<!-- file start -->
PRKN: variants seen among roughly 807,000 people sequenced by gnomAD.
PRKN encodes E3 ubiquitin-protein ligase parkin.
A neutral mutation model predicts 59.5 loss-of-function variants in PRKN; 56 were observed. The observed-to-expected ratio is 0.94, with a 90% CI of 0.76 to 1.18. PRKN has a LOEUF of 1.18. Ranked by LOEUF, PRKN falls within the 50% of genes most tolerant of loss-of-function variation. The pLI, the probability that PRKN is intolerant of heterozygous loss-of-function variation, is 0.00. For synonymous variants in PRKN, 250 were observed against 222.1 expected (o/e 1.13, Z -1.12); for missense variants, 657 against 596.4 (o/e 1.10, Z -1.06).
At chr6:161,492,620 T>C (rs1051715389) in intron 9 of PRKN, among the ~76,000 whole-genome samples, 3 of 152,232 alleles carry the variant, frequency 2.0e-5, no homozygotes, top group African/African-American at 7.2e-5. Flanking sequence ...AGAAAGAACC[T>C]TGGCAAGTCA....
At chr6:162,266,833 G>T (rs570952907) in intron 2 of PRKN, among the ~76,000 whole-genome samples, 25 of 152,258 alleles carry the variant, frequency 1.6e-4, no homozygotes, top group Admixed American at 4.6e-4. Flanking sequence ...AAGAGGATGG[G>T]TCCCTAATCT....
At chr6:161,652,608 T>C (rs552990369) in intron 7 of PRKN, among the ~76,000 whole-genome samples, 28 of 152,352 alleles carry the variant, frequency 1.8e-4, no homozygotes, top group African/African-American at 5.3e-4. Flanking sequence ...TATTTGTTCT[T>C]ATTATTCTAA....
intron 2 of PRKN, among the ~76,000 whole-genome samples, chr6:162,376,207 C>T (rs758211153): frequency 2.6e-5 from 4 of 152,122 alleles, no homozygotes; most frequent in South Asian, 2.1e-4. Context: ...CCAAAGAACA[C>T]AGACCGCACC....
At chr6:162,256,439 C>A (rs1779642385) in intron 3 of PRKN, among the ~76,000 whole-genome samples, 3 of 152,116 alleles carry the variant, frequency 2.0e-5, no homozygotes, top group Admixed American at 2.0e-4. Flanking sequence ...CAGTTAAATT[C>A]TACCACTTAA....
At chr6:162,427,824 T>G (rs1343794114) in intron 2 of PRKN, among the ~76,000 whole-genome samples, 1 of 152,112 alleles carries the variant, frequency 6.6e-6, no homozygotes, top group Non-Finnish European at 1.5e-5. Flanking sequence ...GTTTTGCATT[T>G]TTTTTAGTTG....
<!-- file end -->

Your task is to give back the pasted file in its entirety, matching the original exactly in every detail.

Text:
PRKN: variants seen among roughly 807,000 people sequenced by gnomAD.
PRKN encodes E3 ubiquitin-protein ligase parkin.
A neutral mutation model predicts 59.5 loss-of-function variants in PRKN; 56 were observed. The observed-to-expected ratio is 0.94, with a 90% CI of 0.76 to 1.18. PRKN has a LOEUF of 1.18. Ranked by LOEUF, PRKN falls within the 50% of genes most tolerant of loss-of-function variation. The pLI, the probability that PRKN is intolerant of heterozygous loss-of-function variation, is 0.00. For synonymous variants in PRKN, 250 were observed against 222.1 expected (o/e 1.13, Z -1.12); for missense variants, 657 against 596.4 (o/e 1.10, Z -1.06).
At chr6:161,492,620 T>C (rs1051715389) in intron 9 of PRKN, among the ~76,000 whole-genome samples, 3 of 152,232 alleles carry the variant, frequency 2.0e-5, no homozygotes, top group African/African-American at 7.2e-5. Flanking sequence ...AGAAAGAACC[T>C]TGGCAAGTCA....
At chr6:162,266,833 G>T (rs570952907) in intron 2 of PRKN, among the ~76,000 whole-genome samples, 25 of 152,258 alleles carry the variant, frequency 1.6e-4, no homozygotes, top group Admixed American at 4.6e-4. Flanking sequence ...AAGAGGATGG[G>T]TCCCTAATCT....
At chr6:161,652,608 T>C (rs552990369) in intron 7 of PRKN, among the ~76,000 whole-genome samples, 28 of 152,352 alleles carry the variant, frequency 1.8e-4, no homozygotes, top group African/African-American at 5.3e-4. Flanking sequence ...TATTTGTTCT[T>C]ATTATTCTAA....
intron 2 of PRKN, among the ~76,000 whole-genome samples, chr6:162,376,207 C>T (rs758211153): frequency 2.6e-5 from 4 of 152,122 alleles, no homozygotes; most frequent in South Asian, 2.1e-4. Context: ...CCAAAGAACA[C>T]AGACCGCACC....
At chr6:162,256,439 C>A (rs1779642385) in intron 3 of PRKN, among the ~76,000 whole-genome samples, 3 of 152,116 alleles carry the variant, frequency 2.0e-5, no homozygotes, top group Admixed American at 2.0e-4. Flanking sequence ...CAGTTAAATT[C>A]TACCACTTAA....
At chr6:162,427,824 T>G (rs1343794114) in intron 2 of PRKN, among the ~76,000 whole-genome samples, 1 of 152,112 alleles carries the variant, frequency 6.6e-6, no homozygotes, top group Non-Finnish European at 1.5e-5. Flanking sequence ...GTTTTGCATT[T>G]TTTTTAGTTG....